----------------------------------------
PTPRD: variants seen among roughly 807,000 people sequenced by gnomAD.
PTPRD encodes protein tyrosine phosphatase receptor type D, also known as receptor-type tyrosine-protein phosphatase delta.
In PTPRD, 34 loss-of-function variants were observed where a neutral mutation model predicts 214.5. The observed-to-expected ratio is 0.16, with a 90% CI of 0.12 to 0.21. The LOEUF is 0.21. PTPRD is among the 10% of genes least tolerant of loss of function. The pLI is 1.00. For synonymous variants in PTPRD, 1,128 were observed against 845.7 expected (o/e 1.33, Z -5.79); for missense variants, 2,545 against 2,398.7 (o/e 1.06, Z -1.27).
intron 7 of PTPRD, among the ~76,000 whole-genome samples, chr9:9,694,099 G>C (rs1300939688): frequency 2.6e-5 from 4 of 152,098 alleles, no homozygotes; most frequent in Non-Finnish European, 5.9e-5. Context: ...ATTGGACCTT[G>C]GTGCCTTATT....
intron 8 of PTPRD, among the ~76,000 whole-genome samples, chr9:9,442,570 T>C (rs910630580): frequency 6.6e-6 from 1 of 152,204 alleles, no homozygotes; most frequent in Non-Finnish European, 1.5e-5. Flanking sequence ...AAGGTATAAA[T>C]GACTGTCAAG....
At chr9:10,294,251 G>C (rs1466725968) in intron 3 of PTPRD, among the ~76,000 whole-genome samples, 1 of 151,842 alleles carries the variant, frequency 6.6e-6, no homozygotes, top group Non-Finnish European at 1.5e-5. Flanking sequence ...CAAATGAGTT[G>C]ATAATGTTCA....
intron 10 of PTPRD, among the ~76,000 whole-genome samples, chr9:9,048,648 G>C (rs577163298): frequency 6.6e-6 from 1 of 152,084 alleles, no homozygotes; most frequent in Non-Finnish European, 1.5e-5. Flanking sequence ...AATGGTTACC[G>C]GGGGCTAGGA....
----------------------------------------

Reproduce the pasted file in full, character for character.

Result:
PTPRD: variants seen among roughly 807,000 people sequenced by gnomAD.
PTPRD encodes protein tyrosine phosphatase receptor type D, also known as receptor-type tyrosine-protein phosphatase delta.
In PTPRD, 34 loss-of-function variants were observed where a neutral mutation model predicts 214.5. The observed-to-expected ratio is 0.16, with a 90% CI of 0.12 to 0.21. The LOEUF is 0.21. PTPRD is among the 10% of genes least tolerant of loss of function. The pLI is 1.00. For synonymous variants in PTPRD, 1,128 were observed against 845.7 expected (o/e 1.33, Z -5.79); for missense variants, 2,545 against 2,398.7 (o/e 1.06, Z -1.27).
intron 7 of PTPRD, among the ~76,000 whole-genome samples, chr9:9,694,099 G>C (rs1300939688): frequency 2.6e-5 from 4 of 152,098 alleles, no homozygotes; most frequent in Non-Finnish European, 5.9e-5. Context: ...ATTGGACCTT[G>C]GTGCCTTATT....
intron 8 of PTPRD, among the ~76,000 whole-genome samples, chr9:9,442,570 T>C (rs910630580): frequency 6.6e-6 from 1 of 152,204 alleles, no homozygotes; most frequent in Non-Finnish European, 1.5e-5. Flanking sequence ...AAGGTATAAA[T>C]GACTGTCAAG....
At chr9:10,294,251 G>C (rs1466725968) in intron 3 of PTPRD, among the ~76,000 whole-genome samples, 1 of 151,842 alleles carries the variant, frequency 6.6e-6, no homozygotes, top group Non-Finnish European at 1.5e-5. Flanking sequence ...CAAATGAGTT[G>C]ATAATGTTCA....
intron 10 of PTPRD, among the ~76,000 whole-genome samples, chr9:9,048,648 G>C (rs577163298): frequency 6.6e-6 from 1 of 152,084 alleles, no homozygotes; most frequent in Non-Finnish European, 1.5e-5. Flanking sequence ...AATGGTTACC[G>C]GGGGCTAGGA....